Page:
Michael Chermak, president and CEO of Bridgetech, said the BDS is “a leap forward in detection and will be an invaluable tool in the widespread screening of this terrible disease.” He said the Biofield system “is uniquely suited for Asian women and should be much more effective in detection than existing exams.”

David Long Jr. MD, PhD, chairman and CEO of Biofield, said, “We feel we have found the right strategic partner to distribute and market our product in China and other Asian countries where we are not already positioned.”

He noted that the Bridgetech contract research organization, established in conjunction with Johns Hopkins International, is the ideal location to initiate clinical trials in order to obtain SFDA [China’s State Food and Drug Administration] approval for our system. This is a great opportunity for application of our innovative technology for saving women’s lives.”

The Breast Proliferation Detection System a non-invasive system that, according to the company, delivers “ob-jective results that may be helpful in the early detection of epithelial abnormalities, including abnormal proliferation or growth activities in breast tissues.”

The use of the BDS, it added, “may distinguish those lesions likely to progress and cause significant disease. The BDS may reduce physician and patient uncertainty as well as decrease the number of diagnostic procedures performed on suspicious breast lesions.”

mtm establishes U.S. subsidiary

mtm laboratories AG (Heidelberg, Germany), a dev-eloper of diagnostic products for the early detection of cancer, has established a U.S. subsidiary in Westborough, Massachusetts, a Boston suburb.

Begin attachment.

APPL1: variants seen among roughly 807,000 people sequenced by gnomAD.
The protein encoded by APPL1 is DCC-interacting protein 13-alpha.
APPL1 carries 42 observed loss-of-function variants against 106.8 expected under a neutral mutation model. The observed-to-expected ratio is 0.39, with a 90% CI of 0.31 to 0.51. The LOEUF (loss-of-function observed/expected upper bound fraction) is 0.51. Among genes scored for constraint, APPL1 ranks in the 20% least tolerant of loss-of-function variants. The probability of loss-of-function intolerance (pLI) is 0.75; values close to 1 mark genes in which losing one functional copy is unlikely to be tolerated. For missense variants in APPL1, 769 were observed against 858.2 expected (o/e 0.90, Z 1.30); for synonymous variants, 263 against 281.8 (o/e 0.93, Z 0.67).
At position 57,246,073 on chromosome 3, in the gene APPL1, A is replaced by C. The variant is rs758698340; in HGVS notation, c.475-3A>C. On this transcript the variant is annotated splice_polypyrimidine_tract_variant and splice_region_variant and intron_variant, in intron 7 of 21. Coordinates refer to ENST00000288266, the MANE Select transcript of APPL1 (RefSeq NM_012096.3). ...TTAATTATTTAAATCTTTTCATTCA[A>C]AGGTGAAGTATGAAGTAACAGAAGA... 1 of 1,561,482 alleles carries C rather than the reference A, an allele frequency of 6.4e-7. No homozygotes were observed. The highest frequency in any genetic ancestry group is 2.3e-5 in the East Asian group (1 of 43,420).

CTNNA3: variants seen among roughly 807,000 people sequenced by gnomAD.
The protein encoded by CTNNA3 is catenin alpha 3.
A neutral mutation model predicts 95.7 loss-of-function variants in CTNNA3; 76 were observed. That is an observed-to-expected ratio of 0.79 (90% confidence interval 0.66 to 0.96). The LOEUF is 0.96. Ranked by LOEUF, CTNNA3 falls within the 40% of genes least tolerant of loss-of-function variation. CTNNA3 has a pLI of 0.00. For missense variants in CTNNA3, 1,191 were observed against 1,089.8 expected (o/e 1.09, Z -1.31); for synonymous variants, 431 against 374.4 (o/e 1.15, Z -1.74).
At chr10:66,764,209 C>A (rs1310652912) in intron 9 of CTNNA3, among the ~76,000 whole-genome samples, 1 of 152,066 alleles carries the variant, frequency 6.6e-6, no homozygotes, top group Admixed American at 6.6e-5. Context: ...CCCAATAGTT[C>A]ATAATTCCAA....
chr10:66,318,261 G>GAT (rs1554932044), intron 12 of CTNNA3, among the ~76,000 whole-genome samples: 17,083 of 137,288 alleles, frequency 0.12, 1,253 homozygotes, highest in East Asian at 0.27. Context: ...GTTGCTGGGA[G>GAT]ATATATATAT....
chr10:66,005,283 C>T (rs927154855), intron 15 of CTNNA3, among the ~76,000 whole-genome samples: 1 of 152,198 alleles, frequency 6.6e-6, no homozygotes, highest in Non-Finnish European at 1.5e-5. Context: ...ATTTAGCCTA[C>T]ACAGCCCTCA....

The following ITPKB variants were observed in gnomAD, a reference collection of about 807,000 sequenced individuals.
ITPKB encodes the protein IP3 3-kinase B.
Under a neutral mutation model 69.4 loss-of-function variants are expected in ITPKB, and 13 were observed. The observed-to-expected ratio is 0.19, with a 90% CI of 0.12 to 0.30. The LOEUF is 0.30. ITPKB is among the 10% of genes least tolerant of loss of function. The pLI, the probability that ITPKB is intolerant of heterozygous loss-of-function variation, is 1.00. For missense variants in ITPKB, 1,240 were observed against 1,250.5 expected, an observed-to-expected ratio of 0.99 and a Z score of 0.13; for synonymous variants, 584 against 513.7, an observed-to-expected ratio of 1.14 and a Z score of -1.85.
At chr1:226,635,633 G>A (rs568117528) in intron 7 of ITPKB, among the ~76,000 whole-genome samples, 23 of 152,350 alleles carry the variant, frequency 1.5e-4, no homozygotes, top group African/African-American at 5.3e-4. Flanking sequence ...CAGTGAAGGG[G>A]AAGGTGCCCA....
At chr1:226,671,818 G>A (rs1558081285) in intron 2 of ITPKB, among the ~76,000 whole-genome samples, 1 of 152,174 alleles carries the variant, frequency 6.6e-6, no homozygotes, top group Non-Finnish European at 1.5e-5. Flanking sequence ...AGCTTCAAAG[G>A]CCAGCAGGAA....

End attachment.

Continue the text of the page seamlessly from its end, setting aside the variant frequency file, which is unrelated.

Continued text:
Robert Silverman will serve as president of the wholly owned subsidiary, mtm laboratories Inc. Silverman has provided management consulting services to mtm for the past 18 months through his company, RS Consulting. Prior to forming RS Consulting, Silverman served as senior vice president of commercial operations for ViaCell. From 1996-2001, he held various senior executive positions with Cytyc, including vice president of international and vice president of marketing.

The subsidiary will focus on business development and marketing of mtm’s biomarker-based products in the U.S. and is expected to increase the company’s presence and strategic position in what it characterized as “the largest single market for products in the area of cancer screening and diagnosis.”

Privately held mtm was founded in 1999 as a spin-off of the German Cancer Research Center. Its focus is on cervical cancer screening, the largest screening market in oncology.

In vitro diagnostic products that apply mtm’s CINtec technology to cervical biopsies (the CINtec p16INK4a Histology Kit) and cytology preparations (CINtec p16INK4a Cytology Kit) of the cervix uteri were launched recently in Europe and the U.S. by DakoCytomation (Glastrup, Den-mark), the company’s distribution partner.